Jethro K. Lieberman

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Fight the Hypo: FAKE Arguments, Trolleyology, and the Limits of Hypotheticals

Tribeca Square Press, 2014, 36pp.

My Martin Professorship Inaugural Lecture, delivered on April 26, 2014, in New York. Law professors, and others, conventionally use hypothetical questions, to test students' understanding of doctrine, rules, and logic. In recent years, the hypothetical has become a tool of psychologists to investigate our moral and ethical understanding. This essay investigates pitfalls in how the answers to hypotheticals are interpreted and suggests reasons for resisting their lure.

For a copy, please send me an email with an address.

Selected Works

A retort to friends who thought it was time to thin out the bookshelves.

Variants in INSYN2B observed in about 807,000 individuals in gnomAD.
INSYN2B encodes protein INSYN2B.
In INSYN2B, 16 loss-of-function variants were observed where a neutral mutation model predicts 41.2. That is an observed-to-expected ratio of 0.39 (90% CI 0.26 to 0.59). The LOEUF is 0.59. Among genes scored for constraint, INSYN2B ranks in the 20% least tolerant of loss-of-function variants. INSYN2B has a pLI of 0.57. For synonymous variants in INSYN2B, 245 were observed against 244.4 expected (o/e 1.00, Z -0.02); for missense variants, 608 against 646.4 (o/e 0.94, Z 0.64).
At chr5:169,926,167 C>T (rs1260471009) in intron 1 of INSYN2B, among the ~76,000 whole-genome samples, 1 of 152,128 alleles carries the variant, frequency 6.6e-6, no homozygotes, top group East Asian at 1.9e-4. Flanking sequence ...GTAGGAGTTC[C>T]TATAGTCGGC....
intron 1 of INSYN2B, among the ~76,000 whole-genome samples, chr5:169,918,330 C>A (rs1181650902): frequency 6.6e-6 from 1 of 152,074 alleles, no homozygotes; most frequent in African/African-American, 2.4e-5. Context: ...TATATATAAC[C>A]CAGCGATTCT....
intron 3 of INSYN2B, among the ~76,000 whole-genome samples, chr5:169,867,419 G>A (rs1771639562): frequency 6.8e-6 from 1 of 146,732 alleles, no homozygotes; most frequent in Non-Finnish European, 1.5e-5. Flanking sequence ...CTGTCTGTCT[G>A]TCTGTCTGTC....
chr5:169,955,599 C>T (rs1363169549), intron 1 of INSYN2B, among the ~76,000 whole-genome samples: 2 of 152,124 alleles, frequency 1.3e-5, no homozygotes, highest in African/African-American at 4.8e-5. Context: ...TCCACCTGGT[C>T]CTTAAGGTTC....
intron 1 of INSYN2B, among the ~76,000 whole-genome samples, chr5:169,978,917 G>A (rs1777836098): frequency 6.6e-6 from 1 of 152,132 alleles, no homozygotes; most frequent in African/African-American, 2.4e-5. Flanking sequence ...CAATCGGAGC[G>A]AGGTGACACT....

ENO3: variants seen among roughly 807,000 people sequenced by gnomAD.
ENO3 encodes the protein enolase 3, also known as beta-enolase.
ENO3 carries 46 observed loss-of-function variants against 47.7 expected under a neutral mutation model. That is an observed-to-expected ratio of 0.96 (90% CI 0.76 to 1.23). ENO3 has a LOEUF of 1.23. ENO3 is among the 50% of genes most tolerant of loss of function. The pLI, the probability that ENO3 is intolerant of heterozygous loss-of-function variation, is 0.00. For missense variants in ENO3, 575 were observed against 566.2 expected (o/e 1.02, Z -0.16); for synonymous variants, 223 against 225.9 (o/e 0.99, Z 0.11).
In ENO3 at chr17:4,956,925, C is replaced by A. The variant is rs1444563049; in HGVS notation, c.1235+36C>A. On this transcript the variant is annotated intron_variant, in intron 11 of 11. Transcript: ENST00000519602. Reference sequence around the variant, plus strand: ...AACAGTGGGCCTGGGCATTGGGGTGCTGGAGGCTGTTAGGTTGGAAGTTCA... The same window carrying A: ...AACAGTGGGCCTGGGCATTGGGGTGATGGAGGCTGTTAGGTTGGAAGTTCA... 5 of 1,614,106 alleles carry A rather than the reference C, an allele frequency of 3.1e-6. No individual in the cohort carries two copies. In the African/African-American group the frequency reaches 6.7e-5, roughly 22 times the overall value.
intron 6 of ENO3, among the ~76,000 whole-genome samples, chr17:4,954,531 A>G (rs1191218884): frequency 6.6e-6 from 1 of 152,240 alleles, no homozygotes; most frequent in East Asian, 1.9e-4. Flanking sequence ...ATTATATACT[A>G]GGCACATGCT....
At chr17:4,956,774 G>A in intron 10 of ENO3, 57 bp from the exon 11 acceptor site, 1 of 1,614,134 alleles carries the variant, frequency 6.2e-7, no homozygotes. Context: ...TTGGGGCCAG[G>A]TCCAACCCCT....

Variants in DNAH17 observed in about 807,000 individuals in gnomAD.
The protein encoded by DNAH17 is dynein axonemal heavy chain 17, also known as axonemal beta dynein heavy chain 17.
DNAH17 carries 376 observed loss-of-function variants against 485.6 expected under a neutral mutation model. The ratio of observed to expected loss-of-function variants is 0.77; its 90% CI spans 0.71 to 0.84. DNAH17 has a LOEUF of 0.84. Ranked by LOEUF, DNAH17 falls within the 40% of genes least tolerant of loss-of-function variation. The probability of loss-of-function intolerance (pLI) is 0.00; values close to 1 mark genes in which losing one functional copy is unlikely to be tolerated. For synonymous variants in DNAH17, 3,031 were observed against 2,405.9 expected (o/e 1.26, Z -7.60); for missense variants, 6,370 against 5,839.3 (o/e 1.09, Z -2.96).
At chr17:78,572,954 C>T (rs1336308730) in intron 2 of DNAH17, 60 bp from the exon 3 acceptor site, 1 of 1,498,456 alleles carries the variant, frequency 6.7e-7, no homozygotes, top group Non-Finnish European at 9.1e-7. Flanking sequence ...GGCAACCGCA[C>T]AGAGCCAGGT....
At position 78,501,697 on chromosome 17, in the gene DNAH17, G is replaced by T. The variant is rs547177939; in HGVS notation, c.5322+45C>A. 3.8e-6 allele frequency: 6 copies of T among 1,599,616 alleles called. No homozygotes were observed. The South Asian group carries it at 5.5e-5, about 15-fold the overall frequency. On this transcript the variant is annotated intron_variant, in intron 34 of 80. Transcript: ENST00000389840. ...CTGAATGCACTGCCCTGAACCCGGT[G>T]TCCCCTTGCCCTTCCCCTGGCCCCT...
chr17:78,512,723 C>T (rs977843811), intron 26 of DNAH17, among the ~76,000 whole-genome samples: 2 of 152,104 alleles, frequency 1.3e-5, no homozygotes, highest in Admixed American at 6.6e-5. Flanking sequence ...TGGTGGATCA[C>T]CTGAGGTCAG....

A critique of hypotheticals as a tool for judging the thought of others.
For students studying constitutional law: what it's about, how to learn it, in language easy to grasp.
Political Theory, Government
Resuscitates liberalism as a practical political doctrine.
On writing clear, readable, and persuasive prose. 3d edition published January 2016
An article on the sins of scholarly writing — and a video to boot.
Constitutional Law
The meaning of the Constitution, and how it has changed over time, on the eve of its bicentennial.
Law and Society
The first book to seek the underlying causes for, and consequences of, America’s growing urge to sue.
A searching look at the moral disarray of the post-Watergate lawyers' code of ethics.
Terrorists take over the United Nations and commit a series of atrocities to free their imprisoned soldiers. An Israeli agent to the rescue. Sounds familiar, but this appeared in 1978, before some of the things imagined had ever played out.
Edited anthologies.
Articles in the popular press, pamphlets, and more.